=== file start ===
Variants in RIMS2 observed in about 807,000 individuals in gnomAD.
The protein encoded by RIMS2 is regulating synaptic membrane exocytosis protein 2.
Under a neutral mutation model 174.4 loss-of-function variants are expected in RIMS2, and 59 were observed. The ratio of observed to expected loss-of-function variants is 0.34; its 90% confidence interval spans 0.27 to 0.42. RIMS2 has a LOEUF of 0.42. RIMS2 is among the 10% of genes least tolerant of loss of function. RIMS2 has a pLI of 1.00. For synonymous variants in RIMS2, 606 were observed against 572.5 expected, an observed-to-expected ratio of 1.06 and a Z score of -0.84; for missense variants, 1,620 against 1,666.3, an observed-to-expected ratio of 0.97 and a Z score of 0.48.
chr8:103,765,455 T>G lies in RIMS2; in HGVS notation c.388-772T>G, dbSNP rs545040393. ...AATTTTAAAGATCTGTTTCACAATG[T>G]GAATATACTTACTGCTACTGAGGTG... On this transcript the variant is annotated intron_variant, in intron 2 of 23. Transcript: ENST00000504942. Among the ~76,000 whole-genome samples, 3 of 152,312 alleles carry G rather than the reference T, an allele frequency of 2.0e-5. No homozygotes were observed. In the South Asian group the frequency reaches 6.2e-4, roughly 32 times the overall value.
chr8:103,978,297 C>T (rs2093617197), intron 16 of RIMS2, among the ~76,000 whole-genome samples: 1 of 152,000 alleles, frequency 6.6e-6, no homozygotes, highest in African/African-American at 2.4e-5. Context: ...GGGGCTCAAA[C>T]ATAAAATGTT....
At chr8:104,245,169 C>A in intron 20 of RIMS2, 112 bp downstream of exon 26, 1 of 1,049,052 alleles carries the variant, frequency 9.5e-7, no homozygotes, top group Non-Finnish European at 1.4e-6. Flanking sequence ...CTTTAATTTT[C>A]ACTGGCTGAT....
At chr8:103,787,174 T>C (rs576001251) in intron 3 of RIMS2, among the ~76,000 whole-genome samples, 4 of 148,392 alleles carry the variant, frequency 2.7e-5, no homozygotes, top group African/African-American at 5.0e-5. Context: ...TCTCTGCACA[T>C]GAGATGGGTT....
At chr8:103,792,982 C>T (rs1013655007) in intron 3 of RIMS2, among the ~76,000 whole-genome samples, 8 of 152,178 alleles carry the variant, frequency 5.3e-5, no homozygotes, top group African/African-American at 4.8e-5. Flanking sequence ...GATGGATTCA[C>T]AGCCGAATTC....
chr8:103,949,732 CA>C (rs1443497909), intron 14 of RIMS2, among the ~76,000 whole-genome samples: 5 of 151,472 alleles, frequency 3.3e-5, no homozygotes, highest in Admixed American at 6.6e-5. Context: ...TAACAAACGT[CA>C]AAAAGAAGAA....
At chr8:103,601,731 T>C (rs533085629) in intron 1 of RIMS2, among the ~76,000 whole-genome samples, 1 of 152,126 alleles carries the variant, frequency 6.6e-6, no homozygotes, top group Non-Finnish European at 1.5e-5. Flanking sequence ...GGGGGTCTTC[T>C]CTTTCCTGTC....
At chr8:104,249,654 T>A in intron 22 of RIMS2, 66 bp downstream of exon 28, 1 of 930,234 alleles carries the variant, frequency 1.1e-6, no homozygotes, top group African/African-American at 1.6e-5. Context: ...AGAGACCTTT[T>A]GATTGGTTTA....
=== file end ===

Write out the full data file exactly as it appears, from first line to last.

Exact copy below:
Variants in RIMS2 observed in about 807,000 individuals in gnomAD.
The protein encoded by RIMS2 is regulating synaptic membrane exocytosis protein 2.
Under a neutral mutation model 174.4 loss-of-function variants are expected in RIMS2, and 59 were observed. The ratio of observed to expected loss-of-function variants is 0.34; its 90% confidence interval spans 0.27 to 0.42. RIMS2 has a LOEUF of 0.42. RIMS2 is among the 10% of genes least tolerant of loss of function. RIMS2 has a pLI of 1.00. For synonymous variants in RIMS2, 606 were observed against 572.5 expected, an observed-to-expected ratio of 1.06 and a Z score of -0.84; for missense variants, 1,620 against 1,666.3, an observed-to-expected ratio of 0.97 and a Z score of 0.48.
chr8:103,765,455 T>G lies in RIMS2; in HGVS notation c.388-772T>G, dbSNP rs545040393. ...AATTTTAAAGATCTGTTTCACAATG[T>G]GAATATACTTACTGCTACTGAGGTG... On this transcript the variant is annotated intron_variant, in intron 2 of 23. Transcript: ENST00000504942. Among the ~76,000 whole-genome samples, 3 of 152,312 alleles carry G rather than the reference T, an allele frequency of 2.0e-5. No homozygotes were observed. In the South Asian group the frequency reaches 6.2e-4, roughly 32 times the overall value.
chr8:103,978,297 C>T (rs2093617197), intron 16 of RIMS2, among the ~76,000 whole-genome samples: 1 of 152,000 alleles, frequency 6.6e-6, no homozygotes, highest in African/African-American at 2.4e-5. Context: ...GGGGCTCAAA[C>T]ATAAAATGTT....
At chr8:104,245,169 C>A in intron 20 of RIMS2, 112 bp downstream of exon 26, 1 of 1,049,052 alleles carries the variant, frequency 9.5e-7, no homozygotes, top group Non-Finnish European at 1.4e-6. Flanking sequence ...CTTTAATTTT[C>A]ACTGGCTGAT....
At chr8:103,787,174 T>C (rs576001251) in intron 3 of RIMS2, among the ~76,000 whole-genome samples, 4 of 148,392 alleles carry the variant, frequency 2.7e-5, no homozygotes, top group African/African-American at 5.0e-5. Context: ...TCTCTGCACA[T>C]GAGATGGGTT....
At chr8:103,792,982 C>T (rs1013655007) in intron 3 of RIMS2, among the ~76,000 whole-genome samples, 8 of 152,178 alleles carry the variant, frequency 5.3e-5, no homozygotes, top group African/African-American at 4.8e-5. Flanking sequence ...GATGGATTCA[C>T]AGCCGAATTC....
chr8:103,949,732 CA>C (rs1443497909), intron 14 of RIMS2, among the ~76,000 whole-genome samples: 5 of 151,472 alleles, frequency 3.3e-5, no homozygotes, highest in Admixed American at 6.6e-5. Context: ...TAACAAACGT[CA>C]AAAAGAAGAA....
At chr8:103,601,731 T>C (rs533085629) in intron 1 of RIMS2, among the ~76,000 whole-genome samples, 1 of 152,126 alleles carries the variant, frequency 6.6e-6, no homozygotes, top group Non-Finnish European at 1.5e-5. Flanking sequence ...GGGGGTCTTC[T>C]CTTTCCTGTC....
At chr8:104,249,654 T>A in intron 22 of RIMS2, 66 bp downstream of exon 28, 1 of 930,234 alleles carries the variant, frequency 1.1e-6, no homozygotes, top group African/African-American at 1.6e-5. Context: ...AGAGACCTTT[T>A]GATTGGTTTA....